The Futile City

Taking its inspiration from Albert Tucker's 1940 painting of the same title, The Futile City examines the rise of the city from the modern era to the present day.

Art Exhibition previously on at Heide Museum of Modern Art in Melbourne precinct, Victoria, Australia.
From Saturday 25 June 2011 to Sunday 09 October 2011

The Futile City 1940 image London Bus 1957 image Extinction Express 1988 image

Published by anonymous on Monday 20 June 2011.
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The exhibition juxtaposes several images of the city painted by Tucker over the course of his lifetime with those by contemporary artists for whom the city and its structures provide rich visual and thematic source material.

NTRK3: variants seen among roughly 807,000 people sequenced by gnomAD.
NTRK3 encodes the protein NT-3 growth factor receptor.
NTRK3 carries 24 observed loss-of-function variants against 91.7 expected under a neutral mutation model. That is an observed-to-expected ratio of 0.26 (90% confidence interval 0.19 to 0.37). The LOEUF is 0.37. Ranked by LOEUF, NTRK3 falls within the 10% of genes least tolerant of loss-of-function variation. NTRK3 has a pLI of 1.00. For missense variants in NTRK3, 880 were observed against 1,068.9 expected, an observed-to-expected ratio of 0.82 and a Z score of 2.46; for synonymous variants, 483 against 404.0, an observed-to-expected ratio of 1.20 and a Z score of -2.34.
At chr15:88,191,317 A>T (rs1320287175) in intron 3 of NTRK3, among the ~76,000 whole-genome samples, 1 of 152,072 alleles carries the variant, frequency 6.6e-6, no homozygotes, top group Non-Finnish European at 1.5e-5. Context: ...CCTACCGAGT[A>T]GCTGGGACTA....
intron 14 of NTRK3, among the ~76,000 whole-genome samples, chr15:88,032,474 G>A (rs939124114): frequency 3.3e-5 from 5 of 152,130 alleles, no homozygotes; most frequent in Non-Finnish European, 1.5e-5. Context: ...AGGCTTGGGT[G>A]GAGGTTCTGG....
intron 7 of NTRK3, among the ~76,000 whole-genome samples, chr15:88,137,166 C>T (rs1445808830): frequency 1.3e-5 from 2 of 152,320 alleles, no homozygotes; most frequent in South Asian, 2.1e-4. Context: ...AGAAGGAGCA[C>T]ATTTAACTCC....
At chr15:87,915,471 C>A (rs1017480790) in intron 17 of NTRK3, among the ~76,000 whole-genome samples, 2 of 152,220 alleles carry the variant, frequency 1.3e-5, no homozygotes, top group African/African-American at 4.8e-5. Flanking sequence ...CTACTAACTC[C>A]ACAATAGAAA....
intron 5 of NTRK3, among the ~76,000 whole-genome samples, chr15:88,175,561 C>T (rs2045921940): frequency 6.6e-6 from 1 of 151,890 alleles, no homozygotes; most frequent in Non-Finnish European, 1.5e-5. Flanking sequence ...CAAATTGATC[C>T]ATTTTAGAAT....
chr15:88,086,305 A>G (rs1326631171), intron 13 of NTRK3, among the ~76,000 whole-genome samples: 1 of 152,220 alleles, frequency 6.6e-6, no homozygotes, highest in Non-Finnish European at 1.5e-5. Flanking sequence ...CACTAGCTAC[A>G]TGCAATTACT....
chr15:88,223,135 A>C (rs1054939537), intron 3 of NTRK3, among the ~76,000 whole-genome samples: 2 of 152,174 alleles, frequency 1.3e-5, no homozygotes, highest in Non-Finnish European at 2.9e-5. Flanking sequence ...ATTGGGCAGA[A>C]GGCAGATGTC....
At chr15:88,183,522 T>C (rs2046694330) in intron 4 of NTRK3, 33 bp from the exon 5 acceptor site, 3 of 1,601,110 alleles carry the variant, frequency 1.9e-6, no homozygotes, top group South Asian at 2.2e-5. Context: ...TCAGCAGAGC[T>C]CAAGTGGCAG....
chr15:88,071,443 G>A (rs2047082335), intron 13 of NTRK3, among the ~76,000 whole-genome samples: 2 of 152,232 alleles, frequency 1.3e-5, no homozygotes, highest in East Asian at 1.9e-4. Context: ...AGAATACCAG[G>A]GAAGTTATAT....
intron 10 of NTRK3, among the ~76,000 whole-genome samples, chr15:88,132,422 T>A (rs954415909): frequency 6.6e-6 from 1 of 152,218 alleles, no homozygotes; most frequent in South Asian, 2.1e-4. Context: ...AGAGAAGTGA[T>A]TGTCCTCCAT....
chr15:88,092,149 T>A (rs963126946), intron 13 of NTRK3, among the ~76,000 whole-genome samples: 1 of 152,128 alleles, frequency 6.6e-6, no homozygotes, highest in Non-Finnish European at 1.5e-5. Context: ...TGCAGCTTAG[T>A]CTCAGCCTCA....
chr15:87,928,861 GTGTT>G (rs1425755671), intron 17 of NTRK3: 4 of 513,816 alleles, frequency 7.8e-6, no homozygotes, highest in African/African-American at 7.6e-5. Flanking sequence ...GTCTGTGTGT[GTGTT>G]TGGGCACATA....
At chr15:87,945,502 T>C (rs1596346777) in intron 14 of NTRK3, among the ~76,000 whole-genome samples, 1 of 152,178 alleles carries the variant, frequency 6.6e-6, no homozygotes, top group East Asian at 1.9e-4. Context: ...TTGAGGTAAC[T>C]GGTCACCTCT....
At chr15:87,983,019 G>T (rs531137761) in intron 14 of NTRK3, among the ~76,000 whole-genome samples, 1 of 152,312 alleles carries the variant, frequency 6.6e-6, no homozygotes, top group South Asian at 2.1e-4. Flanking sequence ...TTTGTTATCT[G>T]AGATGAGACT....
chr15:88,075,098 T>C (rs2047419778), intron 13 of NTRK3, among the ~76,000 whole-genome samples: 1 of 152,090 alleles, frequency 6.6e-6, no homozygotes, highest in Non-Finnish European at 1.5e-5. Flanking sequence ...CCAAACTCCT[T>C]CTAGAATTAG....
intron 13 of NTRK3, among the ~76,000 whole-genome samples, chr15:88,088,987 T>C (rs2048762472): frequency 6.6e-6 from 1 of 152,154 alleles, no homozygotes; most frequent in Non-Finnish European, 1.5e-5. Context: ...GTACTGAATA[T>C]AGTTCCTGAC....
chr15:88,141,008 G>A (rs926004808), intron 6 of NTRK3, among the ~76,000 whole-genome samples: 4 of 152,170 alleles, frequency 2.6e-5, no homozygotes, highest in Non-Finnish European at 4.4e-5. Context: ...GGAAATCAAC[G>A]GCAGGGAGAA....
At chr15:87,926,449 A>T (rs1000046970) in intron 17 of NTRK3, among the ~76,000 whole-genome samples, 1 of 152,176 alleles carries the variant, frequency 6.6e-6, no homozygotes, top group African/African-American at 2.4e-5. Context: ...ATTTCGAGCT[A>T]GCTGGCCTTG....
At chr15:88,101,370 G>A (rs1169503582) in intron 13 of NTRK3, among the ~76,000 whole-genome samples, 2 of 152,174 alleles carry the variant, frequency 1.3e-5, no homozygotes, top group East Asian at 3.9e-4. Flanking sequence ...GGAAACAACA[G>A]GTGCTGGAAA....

Taking its cue from T.S. Eliot’s poem ‘The Waste Land’ (1922),Tucker’s painting The Futile City reflects a mood of personal despair and anxiety in the face of the social crisis of World War II. Tucker recognised in Eliot a ‘twin soul’, who painted with words images of horror, futility and prophecies of doom, to all of which Tucker had a heightened sensitivity.

Works by six contemporary artists also feature in the exhibition, including Jeffery Smart, Robert Boynes, Susan Norrie, Louise Forthun, David Jolly and Richard Giblett. Just as the city and its rhetoric were primary sources of inspiration for Tucker, so it has been for these artists. The selected works articulate aspects of the human condition and the rituals of urban existence, as well as the place of the individual within the physical, political and social structures of the city.

The Futile City is the eleventh in an ongoing series of exhibitions based on the Tucker Gift to Heide Museum of Modern Art. This series alternates between exhibitions which investigate Tucker’s oeuvre in detail, and those which place him in an art historical, theoretical or contemporary context, as this exhibition does.